Home‑Office Workaholic Dangers

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Workaholics Can’t Stop

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The traditional workaholic does not leave the office to come home. Today, this industrious species thrives inside homes with remote access to colleagues and customers. Work to your hearts content all day. Take a midday nap and work into the night.

Awaken before dawn for a toilet tinkle. Stumble over to the alluring glow of the computer to check your email. Again, you are drawn into dawn of a new workday.

Vacations are on the back burner. Too much work to tackle. Have you become an efficient working machine or are you working yourself into an early grave?

Workaholics and those with obsessive compulsive personality disorder (OCPD) feed active minds with never-ending busywork. Your body needs rest, though. This is how you rejuvenate your cells. Too little rest leads to fatigue, bad skin, poor cognitive function, and memory loss.

Signals That You’re Working Too Much

Pandemic is Perfect Workaholic Environment

Is normal sleep cycle skewed? Are you finding it more difficult to remember names or even why you are staring into the refrigerator?

While performing secular work, your mind can take microsleeps (mental lapses), characterized by very short periods of sleep-like electro-encephalography (EEG) activity.

During sleep deprivation, experts also observe the slowing of cognitive processing independent of microsleeps. The various sleep stages help discard superfluous thoughts and consolidate important memories. Hence, sleep deprivation decreases your ability to learn.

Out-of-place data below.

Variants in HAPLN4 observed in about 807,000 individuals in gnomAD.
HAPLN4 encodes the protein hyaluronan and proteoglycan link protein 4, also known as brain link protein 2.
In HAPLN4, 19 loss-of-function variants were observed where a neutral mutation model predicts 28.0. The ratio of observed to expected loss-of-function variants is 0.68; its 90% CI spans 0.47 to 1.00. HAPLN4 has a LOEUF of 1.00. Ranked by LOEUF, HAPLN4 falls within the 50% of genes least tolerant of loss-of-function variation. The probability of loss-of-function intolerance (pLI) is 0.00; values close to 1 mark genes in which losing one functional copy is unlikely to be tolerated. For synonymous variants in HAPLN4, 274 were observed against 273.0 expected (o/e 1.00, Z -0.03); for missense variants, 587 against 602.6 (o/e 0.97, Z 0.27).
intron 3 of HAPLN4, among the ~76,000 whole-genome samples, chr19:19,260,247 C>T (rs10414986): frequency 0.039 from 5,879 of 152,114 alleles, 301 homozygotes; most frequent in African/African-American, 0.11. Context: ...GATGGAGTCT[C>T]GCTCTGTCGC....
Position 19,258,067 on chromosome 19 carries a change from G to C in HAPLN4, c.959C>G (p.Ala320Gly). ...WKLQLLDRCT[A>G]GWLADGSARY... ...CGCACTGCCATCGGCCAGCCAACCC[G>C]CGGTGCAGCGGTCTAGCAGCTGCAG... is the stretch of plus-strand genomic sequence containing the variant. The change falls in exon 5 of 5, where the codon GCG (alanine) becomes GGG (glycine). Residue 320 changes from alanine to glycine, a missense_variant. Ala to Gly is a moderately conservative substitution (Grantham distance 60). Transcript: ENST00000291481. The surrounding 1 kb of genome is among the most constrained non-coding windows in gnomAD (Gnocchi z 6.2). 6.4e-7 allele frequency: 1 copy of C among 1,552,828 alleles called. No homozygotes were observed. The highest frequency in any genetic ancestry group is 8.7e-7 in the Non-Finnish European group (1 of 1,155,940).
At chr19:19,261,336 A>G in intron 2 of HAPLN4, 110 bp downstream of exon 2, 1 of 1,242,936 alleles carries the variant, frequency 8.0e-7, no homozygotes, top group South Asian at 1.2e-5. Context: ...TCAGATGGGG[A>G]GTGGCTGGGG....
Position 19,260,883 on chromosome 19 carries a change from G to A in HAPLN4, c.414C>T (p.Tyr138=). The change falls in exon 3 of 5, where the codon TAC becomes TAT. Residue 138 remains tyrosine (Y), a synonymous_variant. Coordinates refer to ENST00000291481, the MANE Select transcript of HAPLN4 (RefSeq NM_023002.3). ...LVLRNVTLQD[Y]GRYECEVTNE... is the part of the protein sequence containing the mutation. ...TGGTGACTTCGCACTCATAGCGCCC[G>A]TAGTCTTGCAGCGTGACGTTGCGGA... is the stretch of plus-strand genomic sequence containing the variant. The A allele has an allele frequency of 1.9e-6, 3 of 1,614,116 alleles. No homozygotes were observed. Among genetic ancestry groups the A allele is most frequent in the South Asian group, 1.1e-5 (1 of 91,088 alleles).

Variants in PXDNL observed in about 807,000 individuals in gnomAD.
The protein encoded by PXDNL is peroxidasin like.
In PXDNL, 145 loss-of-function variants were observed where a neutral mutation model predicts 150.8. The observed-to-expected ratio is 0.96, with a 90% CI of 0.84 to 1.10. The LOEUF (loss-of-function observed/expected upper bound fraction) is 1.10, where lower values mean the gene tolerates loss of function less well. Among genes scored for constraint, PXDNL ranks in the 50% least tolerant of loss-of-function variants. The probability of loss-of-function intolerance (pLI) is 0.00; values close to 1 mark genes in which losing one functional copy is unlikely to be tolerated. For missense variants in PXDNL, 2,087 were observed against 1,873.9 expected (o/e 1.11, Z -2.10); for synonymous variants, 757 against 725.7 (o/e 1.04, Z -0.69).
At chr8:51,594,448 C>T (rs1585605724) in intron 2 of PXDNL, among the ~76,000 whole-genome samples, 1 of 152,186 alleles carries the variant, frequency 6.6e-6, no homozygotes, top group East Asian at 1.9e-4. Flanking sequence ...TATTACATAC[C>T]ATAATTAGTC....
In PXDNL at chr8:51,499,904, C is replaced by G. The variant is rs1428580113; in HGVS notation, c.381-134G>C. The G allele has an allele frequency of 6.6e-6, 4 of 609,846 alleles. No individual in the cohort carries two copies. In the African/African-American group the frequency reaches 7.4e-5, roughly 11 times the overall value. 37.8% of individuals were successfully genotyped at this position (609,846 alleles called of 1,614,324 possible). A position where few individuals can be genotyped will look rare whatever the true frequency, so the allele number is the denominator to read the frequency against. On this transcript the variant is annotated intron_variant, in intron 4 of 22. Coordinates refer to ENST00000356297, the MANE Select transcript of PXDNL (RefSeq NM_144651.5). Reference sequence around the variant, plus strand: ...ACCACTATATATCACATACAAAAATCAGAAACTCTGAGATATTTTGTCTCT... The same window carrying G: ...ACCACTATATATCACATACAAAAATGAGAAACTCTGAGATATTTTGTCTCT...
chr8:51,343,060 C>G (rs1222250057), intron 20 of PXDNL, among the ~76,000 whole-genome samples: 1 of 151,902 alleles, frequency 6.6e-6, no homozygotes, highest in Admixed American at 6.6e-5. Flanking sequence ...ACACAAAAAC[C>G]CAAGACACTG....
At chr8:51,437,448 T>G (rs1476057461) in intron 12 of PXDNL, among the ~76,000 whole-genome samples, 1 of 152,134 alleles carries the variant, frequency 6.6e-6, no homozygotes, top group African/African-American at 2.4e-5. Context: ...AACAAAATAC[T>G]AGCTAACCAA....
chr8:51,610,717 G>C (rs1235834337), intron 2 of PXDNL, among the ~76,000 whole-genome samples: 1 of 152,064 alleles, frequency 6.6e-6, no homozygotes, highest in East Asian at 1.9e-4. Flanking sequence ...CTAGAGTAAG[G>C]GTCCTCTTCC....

Insufficient sleep causes skin to look sullen. You develop puffiness around your eyes if you’re retaining water. Stress induces acne breakouts. The lack of vitamin D—which we normally get from sunlight—can make your skin dry and decrease cognition.

Working at home is convenient, yes. But your body needs rest. Too little sleep diminishes your appearance along with the ability to think clearly. Working around the clock is inversely beneficial.

If you are reading this when you should be sleeping, turn off your computer and go to bed. If you have insomnia, read a book or talk to your doctor about melatonin supplements.

Some health plans like 98point6 and Forward include 24/7 medical consultation. Your health insurance may provide a similar option.

To support the writing of useful articles about mental health, ClinicalPosters sells human anatomy posters, scientific posters and other products online. You can donate or leave an encourag­ing comment to keep the work going. Stay safe and A Bit More Healthy.

References
  1. Sleep, Learning, and Memory. healthysleep.med.harvard.edu/healthy/matters/benefits-of-sleep/learning-memory Retrieved 13 Apr 2021
  2. Sleep deprivation: Impact on cognitive performance. ncbi.nlm.nih.gov/pmc/articles/PMC2656292/ Retrieved 13 Apr 2021
  3. 9 Things You Don’t Realize Are Happening to Your Skin While You Sleep. thehealthy.com/beauty/face-body-care/whats-happening-to-skin-during-sleep/ Retrieved 13 Apr 2021
  4. Use of Transdermal Melatonin Delivery to Improve Sleep Maintenance during Daytime. ncbi.nlm.nih.gov/pmc/articles/PMC2909186/ Retrieved 13 Apr 2021
  5. Main photo by Marcus Aurelius from Pixels.
Kevin Williams is a health advocate, artist, pro­gram­mer, and writer of hundreds of articles for multiple web­sites. He has 17 years experi­ence as a Neutrogena Research and Scientific Affairs graphics con­sul­tant.

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